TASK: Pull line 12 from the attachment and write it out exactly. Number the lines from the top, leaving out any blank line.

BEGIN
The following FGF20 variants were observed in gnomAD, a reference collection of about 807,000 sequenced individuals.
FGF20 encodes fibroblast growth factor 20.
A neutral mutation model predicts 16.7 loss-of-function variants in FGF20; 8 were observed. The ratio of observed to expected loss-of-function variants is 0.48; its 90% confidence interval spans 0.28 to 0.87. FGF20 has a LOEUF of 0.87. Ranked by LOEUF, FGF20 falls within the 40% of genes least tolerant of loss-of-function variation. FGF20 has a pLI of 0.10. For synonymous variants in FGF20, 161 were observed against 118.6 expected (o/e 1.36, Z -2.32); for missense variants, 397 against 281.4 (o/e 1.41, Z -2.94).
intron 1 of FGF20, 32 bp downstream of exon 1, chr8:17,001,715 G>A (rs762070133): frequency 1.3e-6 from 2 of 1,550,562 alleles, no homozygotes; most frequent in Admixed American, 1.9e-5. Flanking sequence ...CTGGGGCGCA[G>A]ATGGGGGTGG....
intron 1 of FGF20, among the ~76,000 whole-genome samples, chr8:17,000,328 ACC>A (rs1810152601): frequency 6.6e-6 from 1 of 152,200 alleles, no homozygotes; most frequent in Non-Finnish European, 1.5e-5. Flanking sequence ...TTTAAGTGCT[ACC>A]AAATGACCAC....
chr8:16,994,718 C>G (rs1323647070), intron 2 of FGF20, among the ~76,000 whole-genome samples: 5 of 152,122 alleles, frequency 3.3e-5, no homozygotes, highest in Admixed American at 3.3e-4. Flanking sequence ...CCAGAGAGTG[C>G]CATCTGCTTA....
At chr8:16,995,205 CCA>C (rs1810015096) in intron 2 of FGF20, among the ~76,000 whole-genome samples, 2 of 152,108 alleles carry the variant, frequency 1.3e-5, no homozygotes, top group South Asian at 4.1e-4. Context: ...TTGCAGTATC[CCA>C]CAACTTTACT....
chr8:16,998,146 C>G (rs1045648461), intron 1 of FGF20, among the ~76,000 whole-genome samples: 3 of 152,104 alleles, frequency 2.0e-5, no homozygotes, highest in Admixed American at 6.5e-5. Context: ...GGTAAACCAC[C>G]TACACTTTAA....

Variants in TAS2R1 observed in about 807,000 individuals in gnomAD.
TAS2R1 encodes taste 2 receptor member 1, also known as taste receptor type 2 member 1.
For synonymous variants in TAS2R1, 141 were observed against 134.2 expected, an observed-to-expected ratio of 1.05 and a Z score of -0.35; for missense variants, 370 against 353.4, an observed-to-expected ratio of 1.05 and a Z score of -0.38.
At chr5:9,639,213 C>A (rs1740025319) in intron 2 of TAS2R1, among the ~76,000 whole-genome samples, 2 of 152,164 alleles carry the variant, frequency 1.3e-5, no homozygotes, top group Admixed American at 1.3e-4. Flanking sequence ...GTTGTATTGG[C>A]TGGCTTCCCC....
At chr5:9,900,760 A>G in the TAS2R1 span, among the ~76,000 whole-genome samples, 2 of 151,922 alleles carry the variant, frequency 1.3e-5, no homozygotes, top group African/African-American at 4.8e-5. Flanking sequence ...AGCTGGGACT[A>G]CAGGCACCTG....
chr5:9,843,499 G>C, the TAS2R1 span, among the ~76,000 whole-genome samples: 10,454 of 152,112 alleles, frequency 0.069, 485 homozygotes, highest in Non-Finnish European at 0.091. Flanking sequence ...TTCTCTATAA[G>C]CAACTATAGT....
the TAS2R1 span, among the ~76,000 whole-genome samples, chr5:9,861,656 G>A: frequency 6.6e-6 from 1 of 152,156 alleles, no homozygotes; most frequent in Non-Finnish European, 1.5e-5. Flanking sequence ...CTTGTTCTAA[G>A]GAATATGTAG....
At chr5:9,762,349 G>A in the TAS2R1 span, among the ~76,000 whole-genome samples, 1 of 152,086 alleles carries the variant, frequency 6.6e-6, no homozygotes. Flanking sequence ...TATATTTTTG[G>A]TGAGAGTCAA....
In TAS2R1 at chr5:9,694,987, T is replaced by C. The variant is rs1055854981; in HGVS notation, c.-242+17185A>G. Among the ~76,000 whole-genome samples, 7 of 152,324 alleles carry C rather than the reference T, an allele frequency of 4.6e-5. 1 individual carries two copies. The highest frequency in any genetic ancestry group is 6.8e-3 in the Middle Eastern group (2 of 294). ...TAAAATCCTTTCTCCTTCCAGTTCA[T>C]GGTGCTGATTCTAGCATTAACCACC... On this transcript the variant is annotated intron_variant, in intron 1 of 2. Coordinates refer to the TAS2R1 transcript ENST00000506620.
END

At chr5:9,639,213 C>A (rs1740025319) in intron 2 of TAS2R1, among the ~76,000 whole-genome samples, 2 of 152,164 alleles carry the variant, frequency 1.3e-5, no homozygotes, top group Admixed American at 1.3e-4. Flanking sequence ...GTTGTATTGG[C>A]TGGCTTCCCC....